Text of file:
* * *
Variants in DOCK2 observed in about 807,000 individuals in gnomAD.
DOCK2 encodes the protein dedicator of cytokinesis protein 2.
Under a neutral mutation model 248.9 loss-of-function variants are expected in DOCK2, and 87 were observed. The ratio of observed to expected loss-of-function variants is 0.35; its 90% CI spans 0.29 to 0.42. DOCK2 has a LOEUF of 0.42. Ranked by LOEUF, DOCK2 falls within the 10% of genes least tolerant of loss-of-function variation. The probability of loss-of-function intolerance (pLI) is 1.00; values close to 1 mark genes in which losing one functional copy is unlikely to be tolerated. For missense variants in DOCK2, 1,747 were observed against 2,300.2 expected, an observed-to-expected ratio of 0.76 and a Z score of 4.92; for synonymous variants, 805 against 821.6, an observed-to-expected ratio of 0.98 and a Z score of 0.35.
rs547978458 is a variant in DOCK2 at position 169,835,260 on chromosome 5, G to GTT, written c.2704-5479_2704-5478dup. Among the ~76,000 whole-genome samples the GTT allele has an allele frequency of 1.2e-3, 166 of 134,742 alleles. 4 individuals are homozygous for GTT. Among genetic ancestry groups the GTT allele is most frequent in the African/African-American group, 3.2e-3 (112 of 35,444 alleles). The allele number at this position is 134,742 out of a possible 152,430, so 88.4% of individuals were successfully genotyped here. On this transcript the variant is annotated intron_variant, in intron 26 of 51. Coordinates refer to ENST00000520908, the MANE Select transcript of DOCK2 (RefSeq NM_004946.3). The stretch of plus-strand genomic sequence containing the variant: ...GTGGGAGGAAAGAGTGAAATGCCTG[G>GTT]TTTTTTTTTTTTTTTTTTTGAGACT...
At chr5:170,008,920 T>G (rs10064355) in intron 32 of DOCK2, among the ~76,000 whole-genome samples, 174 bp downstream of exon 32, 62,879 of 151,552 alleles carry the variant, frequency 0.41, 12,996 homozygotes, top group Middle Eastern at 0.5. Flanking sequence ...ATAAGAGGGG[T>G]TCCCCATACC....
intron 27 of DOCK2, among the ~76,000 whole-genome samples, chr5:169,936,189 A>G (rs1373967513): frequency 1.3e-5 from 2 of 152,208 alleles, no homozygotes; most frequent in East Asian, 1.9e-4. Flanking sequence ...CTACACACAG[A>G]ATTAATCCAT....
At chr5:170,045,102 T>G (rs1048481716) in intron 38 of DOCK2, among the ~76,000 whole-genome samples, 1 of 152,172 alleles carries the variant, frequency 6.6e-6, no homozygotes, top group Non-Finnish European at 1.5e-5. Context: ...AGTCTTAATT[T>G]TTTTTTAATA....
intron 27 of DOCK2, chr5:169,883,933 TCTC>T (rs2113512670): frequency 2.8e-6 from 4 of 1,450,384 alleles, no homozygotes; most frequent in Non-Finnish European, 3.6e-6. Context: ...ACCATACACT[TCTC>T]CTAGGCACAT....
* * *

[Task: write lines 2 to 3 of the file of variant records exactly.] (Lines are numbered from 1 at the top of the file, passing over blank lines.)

DOCK2 encodes the protein dedicator of cytokinesis protein 2.
Under a neutral mutation model 248.9 loss-of-function variants are expected in DOCK2, and 87 were observed. The ratio of observed to expected loss-of-function variants is 0.35; its 90% CI spans 0.29 to 0.42. DOCK2 has a LOEUF of 0.42. Ranked by LOEUF, DOCK2 falls within the 10% of genes least tolerant of loss-of-function variation. The probability of loss-of-function intolerance (pLI) is 1.00; values close to 1 mark genes in which losing one functional copy is unlikely to be tolerated. For missense variants in DOCK2, 1,747 were observed against 2,300.2 expected, an observed-to-expected ratio of 0.76 and a Z score of 4.92; for synonymous variants, 805 against 821.6, an observed-to-expected ratio of 0.98 and a Z score of 0.35.